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New Orleans pastors voice hope for churches to spark revival

JACKSON, Miss. (BP)–Pastors of New Orleans Southern Baptist churches do not know the details of how they will rebuild their ministries but are committed to going back and working hard to see the churches return to life.

Nearly two dozen pastors and staff members and representatives of the Baptist Association of Greater New Orleans traveled from temporary homes in Mississippi, Louisiana, Alabama, Texas and Oklahoma to meet at First Baptist Church in Jackson, Miss., Sept. 14, along with staff members of the Louisiana Baptist Convention and North American Mission Board.

Joe McKeever, director of missions for the New Orleans association, encompassing 75 churches and 60 missions across four parishes, got the word out about the gathering through e-mail and announcements on Christian radio stations in the Southeast. First Baptist, in hosting the meeting, “rolled out the red carpet,” McKeever said.

The men met during the morning for a debriefing and strategizing session. After lunch, they gathered for a group interview.

“There is an abiding sense of loss,” said Christopher Black, who represented the 100-year-old Grace Baptist Church in New Orleans’ Bywater community. “But there is hope.”

While their ultimate hope is in Jesus Christ, the New Orleans ministers also feel hope because of the support of Southern Baptists.

“We are going back, but not alone,” one pastor said.

“We know that our leaders are with us,” another pastor added, referencing the representatives from the Louisiana convention and NAMB present for the meeting.

“I am proud to be a Southern Baptist,” Beau Colle of the Louisiana convention said of Southern Baptist entities’ pledges of money and volunteer recruitment to help the congregations rebuild and revive their ministries.

“We talk about cooperation a lot as Southern Baptists. We have cooperative giving and now we have cooperative response,” Colle said.

“Our commitment,” one pastor said, “is to be there, waiting on the resident when they return.”

But there are many unknowns for the pastors. A few already have been able to go home. Others were planning to return within days. Still others weren’t sure when they will be back.

Some still did not know the full extent of the damage to their church facilitates. At least four churches are a total loss.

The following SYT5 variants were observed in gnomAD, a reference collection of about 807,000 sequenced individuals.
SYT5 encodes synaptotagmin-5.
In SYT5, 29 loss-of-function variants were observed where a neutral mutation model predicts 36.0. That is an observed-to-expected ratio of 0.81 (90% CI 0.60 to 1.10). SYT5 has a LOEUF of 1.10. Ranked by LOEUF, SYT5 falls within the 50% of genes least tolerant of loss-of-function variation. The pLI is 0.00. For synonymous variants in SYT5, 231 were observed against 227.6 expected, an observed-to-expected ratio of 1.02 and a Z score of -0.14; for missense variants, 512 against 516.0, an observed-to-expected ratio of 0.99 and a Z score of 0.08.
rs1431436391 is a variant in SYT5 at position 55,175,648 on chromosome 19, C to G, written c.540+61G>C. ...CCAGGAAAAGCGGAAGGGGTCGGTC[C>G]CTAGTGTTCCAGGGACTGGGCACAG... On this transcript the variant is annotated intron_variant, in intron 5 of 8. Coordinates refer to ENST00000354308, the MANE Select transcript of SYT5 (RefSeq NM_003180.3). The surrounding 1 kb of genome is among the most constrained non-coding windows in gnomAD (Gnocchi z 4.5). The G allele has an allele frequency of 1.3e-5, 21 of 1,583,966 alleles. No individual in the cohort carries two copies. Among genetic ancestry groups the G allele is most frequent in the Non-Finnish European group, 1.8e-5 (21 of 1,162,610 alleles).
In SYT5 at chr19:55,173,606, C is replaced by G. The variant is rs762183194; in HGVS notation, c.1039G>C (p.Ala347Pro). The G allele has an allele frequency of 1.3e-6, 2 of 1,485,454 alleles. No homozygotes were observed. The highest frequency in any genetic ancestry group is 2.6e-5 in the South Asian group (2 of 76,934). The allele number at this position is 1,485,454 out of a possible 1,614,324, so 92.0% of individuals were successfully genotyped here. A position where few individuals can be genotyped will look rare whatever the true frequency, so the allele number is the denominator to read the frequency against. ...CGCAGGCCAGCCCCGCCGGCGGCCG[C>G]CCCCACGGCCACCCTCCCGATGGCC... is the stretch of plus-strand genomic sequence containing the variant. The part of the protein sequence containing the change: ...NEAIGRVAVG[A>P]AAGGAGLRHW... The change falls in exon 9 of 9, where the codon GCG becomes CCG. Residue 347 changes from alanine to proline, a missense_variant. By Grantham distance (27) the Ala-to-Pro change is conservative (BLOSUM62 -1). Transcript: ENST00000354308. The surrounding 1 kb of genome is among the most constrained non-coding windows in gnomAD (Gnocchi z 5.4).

The whereabouts of many church members is unknown as well. And for those who have been located, some have talked about not returning to New Orleans.

One pastor, Alberto Rivera from the Spanish-language Getsemani Baptist Church, knew that his church’s building was under water and that one member died in her home. Another member told him about swimming from his home to the church only to find it uninhabitable. He did find a woman in the house next door. He pulled her to safety but she died a few hours later. He waited for a day and a half on the roof of her home before he was rescued.

Pastor David Crosby of First Baptist in New Orleans was taken by helicopter to the marooned church and found it high and dry Sept. 13. National Guardsmen with him checked out the facility before allowing him to enter. They found three dogs that had taken shelter in the education building. A casket that had washed up from a neighboring cemetery also was found on the side of the parking lot.

Paul Brady, pastor of Oak Park Baptist Church in Algiers, La., evacuated with his family to Broken Arrow, Okla., only to experience other stresses of life. His father became critically ill and both of his daughters had car accidents -– one was hit by a drunk driver and the other hydroplaned and totaled her car. Thankfully, the father’s condition has improved slightly and the daughters are OK.

Despite these unknowns and challenges, the pastors said they are optimistic about what God can do in New Orleans, that the time is ripe for a spiritual awakening.

“We want Southern Baptists to join us in praying that God will enable us to reach our city for Christ,” the pastors simultaneously emphasized with various words at one point as they looked to the future.
Tanya Dawson is on church staff at First Baptist Church in Madison, Miss.
*Name changed for security concerns.

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